We’re already seeing the impact to hardware vendors of peak smart phone. Over the past six months, Apple, Samsung and HTC share prices have fallen 20 to 25%. These share prices have tumbled because smart phone penetration is hurtling towards 70% in the US. True saturation has occurred in certain segments: 87% of 30 to 49 year olds with income greater than $75k own a smart phone.
Does the app economy suffer from the same challenge of decreasing growth as hardware?
Yes, it does.
Below is a chart depicting iOS app download patterns by users over time. The average number of apps downloaded per month and lifetime downloads have remained flat over the past four years and may even be declining.
This data supports the conclusion that smart phone user demand for apps is linear. This means the total monthly app download volume in the US should be about 800M apps (330M people x 2.4 app downloads per month).
We haven’t reached this point of saturation in any market yet. This year, only six countries will exceed 50% smart phone penetration according to eMarketer. But given the growth rates of phone sales, peak smartphone should be upon us in the next 18 to 36 months.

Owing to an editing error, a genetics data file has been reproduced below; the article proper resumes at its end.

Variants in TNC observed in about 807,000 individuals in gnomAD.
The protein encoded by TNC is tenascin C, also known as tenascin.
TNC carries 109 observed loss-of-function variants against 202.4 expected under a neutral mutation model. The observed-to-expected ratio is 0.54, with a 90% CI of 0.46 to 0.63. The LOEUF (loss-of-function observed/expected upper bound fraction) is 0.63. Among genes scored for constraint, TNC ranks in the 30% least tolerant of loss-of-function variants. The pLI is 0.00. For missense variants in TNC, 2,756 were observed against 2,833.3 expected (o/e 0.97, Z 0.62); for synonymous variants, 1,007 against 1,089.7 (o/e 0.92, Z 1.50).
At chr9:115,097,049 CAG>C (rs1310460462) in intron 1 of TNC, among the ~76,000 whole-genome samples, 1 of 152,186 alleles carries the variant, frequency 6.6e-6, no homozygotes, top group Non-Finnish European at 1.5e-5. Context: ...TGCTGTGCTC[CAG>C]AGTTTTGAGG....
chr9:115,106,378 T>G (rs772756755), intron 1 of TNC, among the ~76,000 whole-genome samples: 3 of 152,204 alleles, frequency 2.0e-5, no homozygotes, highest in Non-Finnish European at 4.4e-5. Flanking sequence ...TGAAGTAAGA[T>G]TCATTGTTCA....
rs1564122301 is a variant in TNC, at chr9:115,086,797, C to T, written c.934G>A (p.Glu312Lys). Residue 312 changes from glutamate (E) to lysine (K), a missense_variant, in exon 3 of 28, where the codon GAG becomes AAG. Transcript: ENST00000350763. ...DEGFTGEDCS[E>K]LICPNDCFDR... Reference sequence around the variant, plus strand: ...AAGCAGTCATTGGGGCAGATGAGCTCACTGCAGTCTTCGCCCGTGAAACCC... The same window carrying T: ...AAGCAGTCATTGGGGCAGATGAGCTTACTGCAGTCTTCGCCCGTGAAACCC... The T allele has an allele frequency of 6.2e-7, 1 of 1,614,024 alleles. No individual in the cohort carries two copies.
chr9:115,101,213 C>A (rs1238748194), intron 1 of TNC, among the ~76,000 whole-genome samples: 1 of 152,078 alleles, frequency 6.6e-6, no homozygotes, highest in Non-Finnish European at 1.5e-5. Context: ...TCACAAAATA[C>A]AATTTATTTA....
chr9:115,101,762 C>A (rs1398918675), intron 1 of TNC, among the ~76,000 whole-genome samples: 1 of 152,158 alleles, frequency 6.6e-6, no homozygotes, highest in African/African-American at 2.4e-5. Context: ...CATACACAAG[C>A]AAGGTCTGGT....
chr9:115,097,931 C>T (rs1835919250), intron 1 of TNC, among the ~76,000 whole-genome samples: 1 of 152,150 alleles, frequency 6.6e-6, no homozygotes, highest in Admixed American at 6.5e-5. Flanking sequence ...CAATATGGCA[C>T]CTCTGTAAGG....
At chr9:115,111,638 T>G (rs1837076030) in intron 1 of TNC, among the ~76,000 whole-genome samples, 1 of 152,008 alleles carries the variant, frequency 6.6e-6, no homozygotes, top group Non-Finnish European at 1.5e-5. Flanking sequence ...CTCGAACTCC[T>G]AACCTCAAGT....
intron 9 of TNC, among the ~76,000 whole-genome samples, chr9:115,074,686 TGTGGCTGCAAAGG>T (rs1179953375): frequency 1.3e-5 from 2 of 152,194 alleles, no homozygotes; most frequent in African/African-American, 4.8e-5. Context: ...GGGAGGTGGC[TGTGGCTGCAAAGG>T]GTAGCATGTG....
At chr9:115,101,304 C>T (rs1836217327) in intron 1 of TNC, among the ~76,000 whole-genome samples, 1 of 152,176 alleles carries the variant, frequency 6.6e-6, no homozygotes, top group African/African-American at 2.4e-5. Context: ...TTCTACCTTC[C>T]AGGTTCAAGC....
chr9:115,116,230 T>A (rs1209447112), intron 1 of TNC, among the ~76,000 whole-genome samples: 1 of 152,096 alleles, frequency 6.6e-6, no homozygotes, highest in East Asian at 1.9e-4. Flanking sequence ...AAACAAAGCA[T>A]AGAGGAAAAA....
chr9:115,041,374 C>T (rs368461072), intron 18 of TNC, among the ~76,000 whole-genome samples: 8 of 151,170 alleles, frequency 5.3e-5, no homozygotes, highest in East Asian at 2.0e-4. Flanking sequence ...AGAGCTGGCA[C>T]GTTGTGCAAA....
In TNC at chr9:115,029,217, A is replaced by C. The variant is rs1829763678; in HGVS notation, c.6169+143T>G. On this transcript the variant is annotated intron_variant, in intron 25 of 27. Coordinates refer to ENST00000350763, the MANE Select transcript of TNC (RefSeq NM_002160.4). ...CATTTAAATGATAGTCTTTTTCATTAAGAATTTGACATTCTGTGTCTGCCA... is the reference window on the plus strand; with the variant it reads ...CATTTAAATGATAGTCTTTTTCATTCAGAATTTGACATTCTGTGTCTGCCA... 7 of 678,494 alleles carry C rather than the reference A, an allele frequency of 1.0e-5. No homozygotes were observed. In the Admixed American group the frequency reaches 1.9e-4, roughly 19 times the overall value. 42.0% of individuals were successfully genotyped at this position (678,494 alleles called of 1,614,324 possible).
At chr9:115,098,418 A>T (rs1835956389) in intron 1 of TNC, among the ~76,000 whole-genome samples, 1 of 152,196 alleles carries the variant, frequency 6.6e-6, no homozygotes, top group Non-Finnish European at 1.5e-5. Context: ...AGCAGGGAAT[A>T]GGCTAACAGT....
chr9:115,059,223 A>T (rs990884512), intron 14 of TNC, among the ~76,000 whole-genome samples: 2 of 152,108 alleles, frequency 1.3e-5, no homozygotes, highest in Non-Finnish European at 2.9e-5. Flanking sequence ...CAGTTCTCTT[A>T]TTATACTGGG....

When we do hit peak smart phone penetration, how might the app store dynamics change? It’s hard to know before it happens but here are a few thoughts.
- Limited demand for applications should increase the average cost per install. This will drive developers to pursue apps with increasing monetization to support higher costs of acquisition.
- We will have maturity in utility categories like email clients, phone clients, web browsers; some turnover in social networks; most turnover in games. Utilities tend to be downloaded by new users and infrequently replaced. But gamers swap out the next platformer as soon as they are bored.
- Decreasing attractiveness of the marginal smart phone user in terms of ARPUU. New smart phone users will increasingly live outside of the most developed markets.
It’s too early to tell what the fuller impact of peak smart phone might be, but at least in the US, it could be around the corner.
A note about the data: I calculated this data by first finding app store and iOS sales figures for each year from Apple. I then assumed the total number of active devices in a period was about half of the preceding period (smartphone replacement cycles are 22.4 months) and then divided the app downloads by those active devices. Full data is published here